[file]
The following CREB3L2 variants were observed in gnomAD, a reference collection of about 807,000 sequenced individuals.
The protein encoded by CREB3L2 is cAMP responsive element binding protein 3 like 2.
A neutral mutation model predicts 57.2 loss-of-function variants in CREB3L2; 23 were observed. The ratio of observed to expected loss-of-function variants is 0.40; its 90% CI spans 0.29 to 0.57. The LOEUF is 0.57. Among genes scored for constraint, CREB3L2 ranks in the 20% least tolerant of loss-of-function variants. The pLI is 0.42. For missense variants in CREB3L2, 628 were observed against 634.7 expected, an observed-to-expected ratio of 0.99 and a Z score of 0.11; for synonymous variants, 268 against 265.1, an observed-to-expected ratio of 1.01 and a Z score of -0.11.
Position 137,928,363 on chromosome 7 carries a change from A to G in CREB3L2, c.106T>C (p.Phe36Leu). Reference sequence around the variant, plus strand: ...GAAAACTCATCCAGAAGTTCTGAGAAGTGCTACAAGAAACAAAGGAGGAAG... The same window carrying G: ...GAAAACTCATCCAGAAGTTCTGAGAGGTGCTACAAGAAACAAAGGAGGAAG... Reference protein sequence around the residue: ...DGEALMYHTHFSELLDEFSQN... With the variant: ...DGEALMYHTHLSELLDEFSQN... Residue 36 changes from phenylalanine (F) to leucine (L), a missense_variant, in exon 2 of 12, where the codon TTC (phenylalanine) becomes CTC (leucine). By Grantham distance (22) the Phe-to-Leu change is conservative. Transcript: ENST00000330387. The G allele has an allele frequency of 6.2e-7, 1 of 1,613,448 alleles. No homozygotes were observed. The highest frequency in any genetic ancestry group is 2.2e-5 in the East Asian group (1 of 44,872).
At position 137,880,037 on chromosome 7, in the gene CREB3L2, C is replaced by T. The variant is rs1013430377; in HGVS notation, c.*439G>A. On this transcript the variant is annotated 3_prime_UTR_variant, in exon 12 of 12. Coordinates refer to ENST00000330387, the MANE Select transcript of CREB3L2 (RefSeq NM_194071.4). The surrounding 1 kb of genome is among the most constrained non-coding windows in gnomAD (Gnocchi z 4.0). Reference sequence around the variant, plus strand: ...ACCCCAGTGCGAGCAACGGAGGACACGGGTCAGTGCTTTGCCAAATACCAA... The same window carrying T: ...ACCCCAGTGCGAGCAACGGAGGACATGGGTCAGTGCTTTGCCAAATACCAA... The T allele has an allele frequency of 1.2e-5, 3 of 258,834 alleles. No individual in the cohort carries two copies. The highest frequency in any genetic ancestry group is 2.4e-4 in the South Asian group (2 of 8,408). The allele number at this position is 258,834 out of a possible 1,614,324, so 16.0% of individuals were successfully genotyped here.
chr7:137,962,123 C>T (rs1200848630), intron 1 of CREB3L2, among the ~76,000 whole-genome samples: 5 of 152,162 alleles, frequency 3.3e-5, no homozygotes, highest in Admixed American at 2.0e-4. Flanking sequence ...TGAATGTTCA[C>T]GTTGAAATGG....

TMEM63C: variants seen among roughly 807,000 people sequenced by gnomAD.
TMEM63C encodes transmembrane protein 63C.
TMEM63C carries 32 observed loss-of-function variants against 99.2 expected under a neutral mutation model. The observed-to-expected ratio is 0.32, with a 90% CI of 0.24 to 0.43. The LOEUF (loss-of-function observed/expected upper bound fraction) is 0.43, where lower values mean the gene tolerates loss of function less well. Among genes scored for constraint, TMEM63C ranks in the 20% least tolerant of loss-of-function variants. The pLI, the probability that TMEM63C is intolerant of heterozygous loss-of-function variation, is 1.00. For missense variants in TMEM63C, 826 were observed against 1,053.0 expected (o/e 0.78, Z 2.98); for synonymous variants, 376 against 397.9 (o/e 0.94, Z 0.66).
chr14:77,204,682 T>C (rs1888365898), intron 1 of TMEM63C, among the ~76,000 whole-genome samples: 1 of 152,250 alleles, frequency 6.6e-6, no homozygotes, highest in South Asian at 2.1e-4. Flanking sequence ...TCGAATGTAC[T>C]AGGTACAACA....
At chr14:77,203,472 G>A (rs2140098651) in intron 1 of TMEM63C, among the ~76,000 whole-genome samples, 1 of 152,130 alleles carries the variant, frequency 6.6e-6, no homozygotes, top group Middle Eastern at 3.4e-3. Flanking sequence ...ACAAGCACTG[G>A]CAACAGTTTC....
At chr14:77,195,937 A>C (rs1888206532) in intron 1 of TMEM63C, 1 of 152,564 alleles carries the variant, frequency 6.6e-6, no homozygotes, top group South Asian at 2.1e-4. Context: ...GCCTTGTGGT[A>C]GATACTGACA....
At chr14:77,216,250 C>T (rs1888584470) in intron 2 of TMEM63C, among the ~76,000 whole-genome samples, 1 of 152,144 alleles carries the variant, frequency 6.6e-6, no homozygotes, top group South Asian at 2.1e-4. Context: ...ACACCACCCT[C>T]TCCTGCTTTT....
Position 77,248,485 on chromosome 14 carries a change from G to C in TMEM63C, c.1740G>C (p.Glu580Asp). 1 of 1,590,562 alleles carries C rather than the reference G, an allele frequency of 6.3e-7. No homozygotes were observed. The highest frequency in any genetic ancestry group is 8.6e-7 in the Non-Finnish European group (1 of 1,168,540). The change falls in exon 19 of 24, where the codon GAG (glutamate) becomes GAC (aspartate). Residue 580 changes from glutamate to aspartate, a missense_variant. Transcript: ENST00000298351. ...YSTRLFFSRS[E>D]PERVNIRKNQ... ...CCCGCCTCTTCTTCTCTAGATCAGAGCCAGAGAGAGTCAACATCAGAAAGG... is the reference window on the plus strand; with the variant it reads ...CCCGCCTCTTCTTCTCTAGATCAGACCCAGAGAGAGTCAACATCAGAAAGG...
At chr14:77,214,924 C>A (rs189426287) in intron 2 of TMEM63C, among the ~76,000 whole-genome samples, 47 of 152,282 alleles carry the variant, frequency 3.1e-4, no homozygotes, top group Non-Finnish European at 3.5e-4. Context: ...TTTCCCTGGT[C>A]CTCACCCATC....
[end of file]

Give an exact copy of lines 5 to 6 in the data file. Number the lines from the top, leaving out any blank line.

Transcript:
At position 137,880,037 on chromosome 7, in the gene CREB3L2, C is replaced by T. The variant is rs1013430377; in HGVS notation, c.*439G>A. On this transcript the variant is annotated 3_prime_UTR_variant, in exon 12 of 12. Coordinates refer to ENST00000330387, the MANE Select transcript of CREB3L2 (RefSeq NM_194071.4). The surrounding 1 kb of genome is among the most constrained non-coding windows in gnomAD (Gnocchi z 4.0). Reference sequence around the variant, plus strand: ...ACCCCAGTGCGAGCAACGGAGGACACGGGTCAGTGCTTTGCCAAATACCAA... The same window carrying T: ...ACCCCAGTGCGAGCAACGGAGGACATGGGTCAGTGCTTTGCCAAATACCAA... The T allele has an allele frequency of 1.2e-5, 3 of 258,834 alleles. No individual in the cohort carries two copies. The highest frequency in any genetic ancestry group is 2.4e-4 in the South Asian group (2 of 8,408). The allele number at this position is 258,834 out of a possible 1,614,324, so 16.0% of individuals were successfully genotyped here.
chr7:137,962,123 C>T (rs1200848630), intron 1 of CREB3L2, among the ~76,000 whole-genome samples: 5 of 152,162 alleles, frequency 3.3e-5, no homozygotes, highest in Admixed American at 2.0e-4. Flanking sequence ...TGAATGTTCA[C>T]GTTGAAATGG....